Independent component analysis applied to fMRI data: A generative model for validating results

Vince Calhoun, Godfrey Pearlson, Tulay Adali

    Research output: Contribution to journalArticle

    Abstract

    Methods for testing and validating independent component analysis (ICA) results in fMRI are growing in importance as the popularity of this model for studying brain function increases. We introduce and apply a synthesis/analysis model for analyzing functional Magnetic Resonance Imaging (fMRI) data using ICA. Classes of signal types relevant to fMRI are described and a statistical approach for validation of simulation results is developed. Additionally, we propose an empirical version of our validation approach to test the performance of various ICA approaches in "hybrid" fMRI data, a mixture of real fMRI data and known (validatable) sources. The synthesis portion of the model assumes statistically independent spatial sources in the brain. We also assume that the fMRI scanner acquires overdetermined data such that there are more time points than hemodynamic brain sources. We propose several signal classes relevant to fMRI and discuss the properties of each. The analysis portion of the model includes several candidates for spatial smoothing, ICA algorithm, and data reduction. We use the Kullback-Leibler divergence between the estimated source distributions and the "true" distributions as a measure of the optimality of the final ICA decomposition. Using this model, we generate fMRI-like data and optimize the analysis stage as a function of ICA algorithm, data reduction scheme, and spatial smoothing. An example of how our synthesis/analysis model can be used in validating an fMRI experiment is demonstrated using simulations and "hybrid" fMRI data.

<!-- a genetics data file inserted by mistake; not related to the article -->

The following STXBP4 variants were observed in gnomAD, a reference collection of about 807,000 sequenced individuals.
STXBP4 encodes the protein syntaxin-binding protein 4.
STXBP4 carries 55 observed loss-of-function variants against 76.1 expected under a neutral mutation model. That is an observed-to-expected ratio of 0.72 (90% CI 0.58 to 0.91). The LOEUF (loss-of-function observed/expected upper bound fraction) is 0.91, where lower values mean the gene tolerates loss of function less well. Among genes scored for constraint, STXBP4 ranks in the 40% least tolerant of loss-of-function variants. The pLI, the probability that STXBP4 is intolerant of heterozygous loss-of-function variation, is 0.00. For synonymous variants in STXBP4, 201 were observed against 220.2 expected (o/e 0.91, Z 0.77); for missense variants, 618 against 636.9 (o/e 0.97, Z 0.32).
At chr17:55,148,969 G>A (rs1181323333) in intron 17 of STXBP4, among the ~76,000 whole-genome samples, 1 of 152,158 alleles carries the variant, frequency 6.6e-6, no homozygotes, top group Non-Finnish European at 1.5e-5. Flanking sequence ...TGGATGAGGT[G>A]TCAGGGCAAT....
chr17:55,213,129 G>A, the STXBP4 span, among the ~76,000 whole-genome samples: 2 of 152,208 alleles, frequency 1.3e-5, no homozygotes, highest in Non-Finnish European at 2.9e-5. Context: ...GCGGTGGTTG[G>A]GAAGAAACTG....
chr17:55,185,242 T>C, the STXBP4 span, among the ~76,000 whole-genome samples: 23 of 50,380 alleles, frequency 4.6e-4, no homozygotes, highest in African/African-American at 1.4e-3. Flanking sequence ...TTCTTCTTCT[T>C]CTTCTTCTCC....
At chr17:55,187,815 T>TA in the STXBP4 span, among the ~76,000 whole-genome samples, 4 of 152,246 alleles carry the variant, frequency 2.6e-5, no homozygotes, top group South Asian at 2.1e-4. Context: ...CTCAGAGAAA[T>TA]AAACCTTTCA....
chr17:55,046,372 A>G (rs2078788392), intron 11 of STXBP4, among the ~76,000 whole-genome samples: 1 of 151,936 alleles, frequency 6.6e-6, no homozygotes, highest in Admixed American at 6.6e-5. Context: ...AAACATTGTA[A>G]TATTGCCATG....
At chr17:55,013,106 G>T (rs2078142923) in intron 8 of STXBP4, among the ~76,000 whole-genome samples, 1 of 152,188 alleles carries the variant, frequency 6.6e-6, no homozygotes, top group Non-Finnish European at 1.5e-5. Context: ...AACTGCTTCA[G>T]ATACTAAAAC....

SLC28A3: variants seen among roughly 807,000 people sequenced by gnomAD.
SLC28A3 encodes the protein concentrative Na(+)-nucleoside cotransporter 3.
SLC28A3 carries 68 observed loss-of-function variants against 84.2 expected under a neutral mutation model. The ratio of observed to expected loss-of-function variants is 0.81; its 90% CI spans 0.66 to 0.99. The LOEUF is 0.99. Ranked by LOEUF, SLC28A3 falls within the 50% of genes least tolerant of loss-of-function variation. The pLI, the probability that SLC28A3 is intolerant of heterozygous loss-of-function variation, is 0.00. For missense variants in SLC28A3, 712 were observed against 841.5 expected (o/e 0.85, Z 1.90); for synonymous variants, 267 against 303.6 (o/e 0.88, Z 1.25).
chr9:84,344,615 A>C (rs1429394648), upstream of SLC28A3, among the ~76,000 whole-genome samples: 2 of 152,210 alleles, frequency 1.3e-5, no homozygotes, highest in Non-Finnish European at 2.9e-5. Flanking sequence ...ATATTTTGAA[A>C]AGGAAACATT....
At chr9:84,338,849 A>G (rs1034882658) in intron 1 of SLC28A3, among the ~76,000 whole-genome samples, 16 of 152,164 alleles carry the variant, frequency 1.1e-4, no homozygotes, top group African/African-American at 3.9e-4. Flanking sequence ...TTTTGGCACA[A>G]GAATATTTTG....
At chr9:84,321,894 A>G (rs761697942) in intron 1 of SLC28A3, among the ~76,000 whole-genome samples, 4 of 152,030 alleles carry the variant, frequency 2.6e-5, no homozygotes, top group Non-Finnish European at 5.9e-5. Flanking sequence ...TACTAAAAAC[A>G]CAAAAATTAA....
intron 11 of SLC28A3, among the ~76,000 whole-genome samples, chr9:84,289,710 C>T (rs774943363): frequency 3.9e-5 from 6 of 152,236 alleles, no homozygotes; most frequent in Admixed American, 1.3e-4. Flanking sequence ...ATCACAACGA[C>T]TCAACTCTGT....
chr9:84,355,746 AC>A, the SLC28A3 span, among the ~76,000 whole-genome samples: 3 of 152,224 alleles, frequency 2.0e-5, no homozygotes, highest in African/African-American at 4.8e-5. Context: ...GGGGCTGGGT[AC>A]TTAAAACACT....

Original languageEnglish (US)
    Pages (from-to)281-291
    Number of pages11
    JournalJournal of VLSI Signal Processing Systems for Signal, Image, and Video Technology
    Volume37
    Issue number2-3
    DOIs
    StatePublished - Jun 1 2004

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    Keywords

    • Brain
    • Independent component analysis
    • Model
    • fMRI

    ASJC Scopus subject areas

    • Signal Processing
    • Information Systems
    • Electrical and Electronic Engineering

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